I spent 40 days living on the banks of a river and watched these pilgrims take baths. I was moved by people who look at this river as a life-giving mother, and also called into question some cultural practices. You call it mother, but then how do you throw all this paper and plastic into it as offerings?
So, the film developed out of this very intimate relationship I had with the Ganga where people have offered prayers for over a millennia. That sent me on a journey. I started to research fervently about water and water issues. What I learned shook me out of my seat. An estimated four billion people, two thirds of the world’s population, will not have access to clean drinking water within the next 15 years.
Q: You chose science fiction to tell this story, over documentary or drama.
A: I’m a geek and a sci-fi fanatic. I love Star Wars. My life was changed by 1984. I really think sometimes that science fiction can give us a better mirror of reality than even documentary can.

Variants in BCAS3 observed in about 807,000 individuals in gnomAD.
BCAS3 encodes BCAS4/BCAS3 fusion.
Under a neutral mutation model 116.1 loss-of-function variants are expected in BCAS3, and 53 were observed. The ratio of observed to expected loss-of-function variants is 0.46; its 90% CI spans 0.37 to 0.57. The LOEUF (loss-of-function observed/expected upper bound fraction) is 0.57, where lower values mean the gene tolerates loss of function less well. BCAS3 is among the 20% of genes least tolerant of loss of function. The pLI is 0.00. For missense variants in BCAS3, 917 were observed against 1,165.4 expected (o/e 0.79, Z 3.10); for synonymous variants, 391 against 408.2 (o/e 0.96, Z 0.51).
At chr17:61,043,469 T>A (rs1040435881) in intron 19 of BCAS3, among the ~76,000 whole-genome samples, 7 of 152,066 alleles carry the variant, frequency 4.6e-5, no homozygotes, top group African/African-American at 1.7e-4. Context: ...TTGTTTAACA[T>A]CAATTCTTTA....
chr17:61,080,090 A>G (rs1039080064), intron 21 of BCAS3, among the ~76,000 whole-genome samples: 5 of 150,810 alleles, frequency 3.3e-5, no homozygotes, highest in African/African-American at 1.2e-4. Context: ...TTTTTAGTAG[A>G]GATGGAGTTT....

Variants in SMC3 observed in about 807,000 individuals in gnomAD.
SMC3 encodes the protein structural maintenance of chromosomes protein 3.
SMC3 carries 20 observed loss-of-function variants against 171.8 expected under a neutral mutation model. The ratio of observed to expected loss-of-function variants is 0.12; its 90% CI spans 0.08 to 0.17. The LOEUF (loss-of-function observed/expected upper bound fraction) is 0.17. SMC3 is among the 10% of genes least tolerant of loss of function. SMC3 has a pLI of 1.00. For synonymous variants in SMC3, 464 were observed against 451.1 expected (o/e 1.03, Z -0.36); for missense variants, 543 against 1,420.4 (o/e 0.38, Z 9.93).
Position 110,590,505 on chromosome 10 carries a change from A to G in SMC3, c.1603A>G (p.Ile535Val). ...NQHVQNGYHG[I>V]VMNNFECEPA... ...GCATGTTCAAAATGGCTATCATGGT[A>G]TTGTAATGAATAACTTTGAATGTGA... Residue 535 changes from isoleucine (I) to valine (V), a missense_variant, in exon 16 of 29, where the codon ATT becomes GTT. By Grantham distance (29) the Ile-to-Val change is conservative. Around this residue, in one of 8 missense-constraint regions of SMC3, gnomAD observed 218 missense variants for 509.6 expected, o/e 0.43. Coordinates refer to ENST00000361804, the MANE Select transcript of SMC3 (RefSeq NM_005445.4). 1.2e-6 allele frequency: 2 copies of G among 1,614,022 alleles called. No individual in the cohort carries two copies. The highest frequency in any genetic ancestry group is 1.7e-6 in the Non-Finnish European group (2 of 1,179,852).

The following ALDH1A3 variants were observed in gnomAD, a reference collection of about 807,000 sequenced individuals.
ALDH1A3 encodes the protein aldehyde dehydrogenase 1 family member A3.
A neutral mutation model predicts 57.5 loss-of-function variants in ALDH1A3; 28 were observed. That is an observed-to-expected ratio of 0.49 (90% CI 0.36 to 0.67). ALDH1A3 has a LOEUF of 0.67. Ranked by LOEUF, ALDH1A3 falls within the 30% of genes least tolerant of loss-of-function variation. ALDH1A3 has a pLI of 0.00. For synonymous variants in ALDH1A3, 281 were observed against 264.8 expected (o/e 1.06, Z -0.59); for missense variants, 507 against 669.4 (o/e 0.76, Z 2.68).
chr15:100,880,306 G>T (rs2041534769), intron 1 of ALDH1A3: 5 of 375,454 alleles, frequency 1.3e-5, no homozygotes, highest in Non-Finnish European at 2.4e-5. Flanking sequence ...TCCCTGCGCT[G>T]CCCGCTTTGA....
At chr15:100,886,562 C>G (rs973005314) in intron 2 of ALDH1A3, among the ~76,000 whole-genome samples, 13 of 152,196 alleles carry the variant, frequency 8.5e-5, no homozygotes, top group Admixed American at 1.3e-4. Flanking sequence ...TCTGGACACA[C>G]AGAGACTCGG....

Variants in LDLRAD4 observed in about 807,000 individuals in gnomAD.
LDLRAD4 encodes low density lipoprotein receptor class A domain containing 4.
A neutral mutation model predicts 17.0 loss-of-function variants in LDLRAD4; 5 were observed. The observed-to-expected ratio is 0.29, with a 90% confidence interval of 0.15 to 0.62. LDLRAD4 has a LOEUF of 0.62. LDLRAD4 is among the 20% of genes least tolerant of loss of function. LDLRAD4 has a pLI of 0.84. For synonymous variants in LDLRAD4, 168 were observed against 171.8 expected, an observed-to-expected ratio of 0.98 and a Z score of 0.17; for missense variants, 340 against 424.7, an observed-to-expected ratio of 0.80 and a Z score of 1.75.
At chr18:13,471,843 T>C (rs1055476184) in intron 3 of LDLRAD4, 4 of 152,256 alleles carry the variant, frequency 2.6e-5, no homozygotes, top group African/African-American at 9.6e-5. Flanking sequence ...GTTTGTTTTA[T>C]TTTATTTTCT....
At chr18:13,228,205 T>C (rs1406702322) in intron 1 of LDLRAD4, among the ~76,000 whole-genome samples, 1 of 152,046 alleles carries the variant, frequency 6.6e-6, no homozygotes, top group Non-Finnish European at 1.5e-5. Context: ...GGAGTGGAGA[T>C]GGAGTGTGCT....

This idea of having prepaid water meters on village water pumps where you can’t get water unless you have money to pay for it is sort of like a science fiction. The more I researched, I realized these water meters existed in 10 countries. I had this science fiction dystopia and it became a documentary. Which is very disturbing.
Q: Water is an issue that impacts the lives of women and girls the most. Can you talk about the framing of and centering on women characters in this story, and more specifically, women of color?
A: On the average, women in Africa and parts of Asia walk 15 kilometers every day to collect water. It often keeps young girls out of school because they have to carry the weight of collecting water for the family.
I began to see that if you’re talking about gender equality, you’re talking about water. If you’re talking about women’s rights and the rights of women and girls in the developing world, you’re talking about water.
I felt it was a more complex story because the corporate executive is African- American. We have some sense in her historical memory of water as sacred. There’s a short baptism scene where her character is torn between the way she’s been brought up by her family and grandmother and the corporate world she inhabits. I thought this relationship between these two women around water was a powerful one.